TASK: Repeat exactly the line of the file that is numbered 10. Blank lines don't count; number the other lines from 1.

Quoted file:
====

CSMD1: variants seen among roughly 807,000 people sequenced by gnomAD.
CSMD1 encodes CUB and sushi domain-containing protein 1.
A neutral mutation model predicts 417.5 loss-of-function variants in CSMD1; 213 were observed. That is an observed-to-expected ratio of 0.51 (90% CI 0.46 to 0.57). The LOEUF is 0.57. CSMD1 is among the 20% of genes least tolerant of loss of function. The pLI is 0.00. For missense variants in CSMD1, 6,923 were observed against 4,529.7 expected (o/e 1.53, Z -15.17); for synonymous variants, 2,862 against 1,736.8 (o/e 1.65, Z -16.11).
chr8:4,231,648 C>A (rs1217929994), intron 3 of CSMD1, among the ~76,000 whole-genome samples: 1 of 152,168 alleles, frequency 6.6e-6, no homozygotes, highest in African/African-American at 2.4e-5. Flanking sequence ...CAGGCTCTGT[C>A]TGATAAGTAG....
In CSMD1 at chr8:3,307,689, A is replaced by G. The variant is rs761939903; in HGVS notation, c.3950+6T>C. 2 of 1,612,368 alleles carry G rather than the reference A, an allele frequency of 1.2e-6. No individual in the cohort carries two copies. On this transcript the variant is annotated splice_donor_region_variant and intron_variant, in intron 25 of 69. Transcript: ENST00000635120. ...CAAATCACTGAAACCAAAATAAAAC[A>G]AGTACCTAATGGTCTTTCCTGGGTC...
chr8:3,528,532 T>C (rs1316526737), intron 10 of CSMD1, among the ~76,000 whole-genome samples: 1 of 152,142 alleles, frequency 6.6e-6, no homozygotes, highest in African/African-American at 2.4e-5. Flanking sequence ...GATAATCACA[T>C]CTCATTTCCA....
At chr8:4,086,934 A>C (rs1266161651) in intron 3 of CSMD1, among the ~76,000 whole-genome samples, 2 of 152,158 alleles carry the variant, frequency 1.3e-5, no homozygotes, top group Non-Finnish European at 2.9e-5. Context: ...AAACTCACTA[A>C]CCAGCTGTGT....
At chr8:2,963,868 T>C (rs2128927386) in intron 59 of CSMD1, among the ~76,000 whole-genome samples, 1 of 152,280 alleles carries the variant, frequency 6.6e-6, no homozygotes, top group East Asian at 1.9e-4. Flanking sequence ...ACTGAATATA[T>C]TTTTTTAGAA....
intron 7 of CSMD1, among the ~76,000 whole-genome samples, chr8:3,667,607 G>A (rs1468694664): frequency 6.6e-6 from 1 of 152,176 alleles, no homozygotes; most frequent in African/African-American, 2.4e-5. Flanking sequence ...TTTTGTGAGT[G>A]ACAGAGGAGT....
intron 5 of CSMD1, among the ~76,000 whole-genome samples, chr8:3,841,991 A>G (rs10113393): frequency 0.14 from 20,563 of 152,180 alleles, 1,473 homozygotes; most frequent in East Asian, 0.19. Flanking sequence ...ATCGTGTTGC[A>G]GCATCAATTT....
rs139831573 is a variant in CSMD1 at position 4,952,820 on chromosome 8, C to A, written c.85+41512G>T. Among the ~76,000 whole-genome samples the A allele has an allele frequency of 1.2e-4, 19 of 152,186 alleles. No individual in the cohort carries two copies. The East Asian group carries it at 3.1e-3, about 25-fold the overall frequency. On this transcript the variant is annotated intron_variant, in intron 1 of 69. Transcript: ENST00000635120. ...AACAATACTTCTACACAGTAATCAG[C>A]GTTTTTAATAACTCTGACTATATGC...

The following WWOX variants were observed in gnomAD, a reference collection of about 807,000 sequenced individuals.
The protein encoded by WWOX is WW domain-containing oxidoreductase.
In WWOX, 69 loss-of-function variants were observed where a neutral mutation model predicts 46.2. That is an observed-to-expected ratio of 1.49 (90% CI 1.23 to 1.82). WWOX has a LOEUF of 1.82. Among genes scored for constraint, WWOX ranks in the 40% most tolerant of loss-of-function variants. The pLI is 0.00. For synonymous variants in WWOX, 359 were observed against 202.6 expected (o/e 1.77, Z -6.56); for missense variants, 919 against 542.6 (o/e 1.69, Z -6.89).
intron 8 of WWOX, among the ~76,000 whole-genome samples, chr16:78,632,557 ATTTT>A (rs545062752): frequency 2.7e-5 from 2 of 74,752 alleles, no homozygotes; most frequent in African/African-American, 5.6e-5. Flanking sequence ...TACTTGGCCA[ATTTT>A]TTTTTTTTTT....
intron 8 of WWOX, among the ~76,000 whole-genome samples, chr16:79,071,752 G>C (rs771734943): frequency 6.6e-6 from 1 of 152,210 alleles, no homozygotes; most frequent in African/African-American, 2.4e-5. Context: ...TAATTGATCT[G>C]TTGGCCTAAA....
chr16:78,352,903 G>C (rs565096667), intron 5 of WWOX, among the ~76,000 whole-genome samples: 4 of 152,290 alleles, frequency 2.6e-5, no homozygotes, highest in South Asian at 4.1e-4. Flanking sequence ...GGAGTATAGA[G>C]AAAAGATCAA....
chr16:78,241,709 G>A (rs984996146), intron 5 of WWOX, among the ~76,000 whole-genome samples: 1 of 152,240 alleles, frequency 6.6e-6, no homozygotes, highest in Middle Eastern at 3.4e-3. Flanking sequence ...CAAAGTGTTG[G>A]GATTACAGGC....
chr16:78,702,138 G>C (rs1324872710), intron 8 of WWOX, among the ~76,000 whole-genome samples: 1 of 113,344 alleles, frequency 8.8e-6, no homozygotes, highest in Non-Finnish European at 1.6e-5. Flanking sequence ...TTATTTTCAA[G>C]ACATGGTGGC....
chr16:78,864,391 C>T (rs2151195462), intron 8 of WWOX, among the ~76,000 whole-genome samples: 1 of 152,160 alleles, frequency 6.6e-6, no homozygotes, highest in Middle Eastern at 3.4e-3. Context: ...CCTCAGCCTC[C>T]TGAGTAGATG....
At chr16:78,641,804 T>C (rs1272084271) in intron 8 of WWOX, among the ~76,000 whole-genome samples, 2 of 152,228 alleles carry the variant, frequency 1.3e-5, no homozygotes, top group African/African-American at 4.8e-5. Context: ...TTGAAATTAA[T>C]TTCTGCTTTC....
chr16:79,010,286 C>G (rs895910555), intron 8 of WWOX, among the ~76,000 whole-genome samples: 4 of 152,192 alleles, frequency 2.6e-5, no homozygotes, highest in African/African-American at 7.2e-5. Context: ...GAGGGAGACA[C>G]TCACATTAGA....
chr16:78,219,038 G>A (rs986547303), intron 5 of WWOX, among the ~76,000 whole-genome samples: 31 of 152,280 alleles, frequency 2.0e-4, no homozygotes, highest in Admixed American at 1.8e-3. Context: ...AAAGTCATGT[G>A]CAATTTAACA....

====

intron 5 of CSMD1, among the ~76,000 whole-genome samples, chr8:3,841,991 A>G (rs10113393): frequency 0.14 from 20,563 of 152,180 alleles, 1,473 homozygotes; most frequent in East Asian, 0.19. Flanking sequence ...ATCGTGTTGC[A>G]GCATCAATTT....